Moreover, even assuming that EN 301 549 was appropriate for incorporation by reference into the Revised 508 Standards, there is already broad harmonization between EN 301 549 and the final rule. As noted in prior preamble sections summarizing key aspects of the final rule and describing its rulemaking history, the timelines for development of the Revised 508 Standards and EN 301 549 largely overlapped; consequently, there was considerable coordination amongst the Federal entities (Section 508) and private organizations (CEN/CENELEC/ETSI) working on their respective technical accessibility standards for public ICT procurements. See Sections I.B.3 (Executive Summary – Summary of Key Provisions – Harmonization with International Standards) & II.F (Rulemaking History – Harmonization with European Activities).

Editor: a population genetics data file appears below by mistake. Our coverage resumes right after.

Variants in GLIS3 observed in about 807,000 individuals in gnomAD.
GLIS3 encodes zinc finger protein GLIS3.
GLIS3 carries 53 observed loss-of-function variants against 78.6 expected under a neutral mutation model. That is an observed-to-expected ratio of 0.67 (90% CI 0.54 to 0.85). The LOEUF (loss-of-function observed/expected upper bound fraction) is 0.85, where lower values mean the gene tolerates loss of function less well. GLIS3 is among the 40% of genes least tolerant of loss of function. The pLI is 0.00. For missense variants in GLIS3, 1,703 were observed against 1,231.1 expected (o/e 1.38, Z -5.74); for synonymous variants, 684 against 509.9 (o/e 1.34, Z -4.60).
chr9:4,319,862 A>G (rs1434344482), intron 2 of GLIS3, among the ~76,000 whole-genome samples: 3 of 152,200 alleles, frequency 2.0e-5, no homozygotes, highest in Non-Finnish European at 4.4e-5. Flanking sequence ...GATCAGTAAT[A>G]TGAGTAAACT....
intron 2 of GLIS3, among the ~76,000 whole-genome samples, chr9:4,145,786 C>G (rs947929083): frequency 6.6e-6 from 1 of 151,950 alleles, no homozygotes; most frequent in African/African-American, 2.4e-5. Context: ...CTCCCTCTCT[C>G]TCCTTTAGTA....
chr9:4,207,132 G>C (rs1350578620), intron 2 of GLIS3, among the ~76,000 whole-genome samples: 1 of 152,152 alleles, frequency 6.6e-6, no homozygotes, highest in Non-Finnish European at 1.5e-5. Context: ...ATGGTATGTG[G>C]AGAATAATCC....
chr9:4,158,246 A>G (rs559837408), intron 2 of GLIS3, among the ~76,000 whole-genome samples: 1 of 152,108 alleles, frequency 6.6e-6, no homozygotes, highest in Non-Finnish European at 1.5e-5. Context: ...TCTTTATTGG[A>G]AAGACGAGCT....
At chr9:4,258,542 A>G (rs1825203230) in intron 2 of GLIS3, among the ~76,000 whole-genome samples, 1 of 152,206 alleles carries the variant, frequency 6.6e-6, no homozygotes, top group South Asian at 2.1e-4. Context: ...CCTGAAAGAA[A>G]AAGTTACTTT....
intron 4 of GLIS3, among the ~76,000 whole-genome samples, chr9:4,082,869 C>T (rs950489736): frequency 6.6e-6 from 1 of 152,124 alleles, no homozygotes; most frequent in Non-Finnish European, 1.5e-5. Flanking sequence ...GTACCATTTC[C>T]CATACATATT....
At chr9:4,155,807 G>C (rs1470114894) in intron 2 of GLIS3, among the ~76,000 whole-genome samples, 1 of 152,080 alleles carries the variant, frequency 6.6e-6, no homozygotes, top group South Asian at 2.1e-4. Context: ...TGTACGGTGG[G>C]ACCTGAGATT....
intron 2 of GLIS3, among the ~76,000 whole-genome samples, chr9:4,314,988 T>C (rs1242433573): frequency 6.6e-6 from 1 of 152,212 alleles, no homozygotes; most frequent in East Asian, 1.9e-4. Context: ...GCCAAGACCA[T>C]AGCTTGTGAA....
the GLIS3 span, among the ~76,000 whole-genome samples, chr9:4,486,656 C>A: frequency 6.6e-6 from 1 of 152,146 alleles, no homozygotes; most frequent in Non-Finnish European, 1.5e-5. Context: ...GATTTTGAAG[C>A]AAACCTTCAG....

Harmonization with international standards has been a guiding principle for this rulemaking from its earliest stages. For example, TEITAC Advisory Committee included several international representatives (including, notably, the European Commission), recognized the importance of standardization across markets worldwide, and coordinated its work with standard-setting bodies in the U.S. and abroad. See II.B (Rulemaking History – TEITAC Advisory Committee 2006-2008) (summarizing TEITAC Advisory Committee deliberations and report). Moreover, in the 2011 ANPRM, the Access Board express noted the standardization work going on in Europe at the time. See 76 FR at 76642, 76644–45. Indeed, one of the Access Board’s primary reasons for issuing a second ANPRM in 2011 was to afford the Joint Working Group on eAccessibility3 and the European Commission an opportunity to see the Board’s progress and to promote harmonization. Id. at 76642. Consequently, EN 301 549 – which was initially finalized in 2014 – was largely harmonized with the Board’s 2011 ANPRM. Compare, e.g., ETSI, EN 301 549 V1.1.1 (2014-02) with U.S. Access Board, 2011 ANPRM, Draft Updated ICT Standards and Guidelines, available at https://www.access-board.gov/guidelines-and-standards/communications-and-it/about-the-ict-refresh/draft-rule-2011; see also ETSI, EN 301 549 V1.1.2 (2015-04).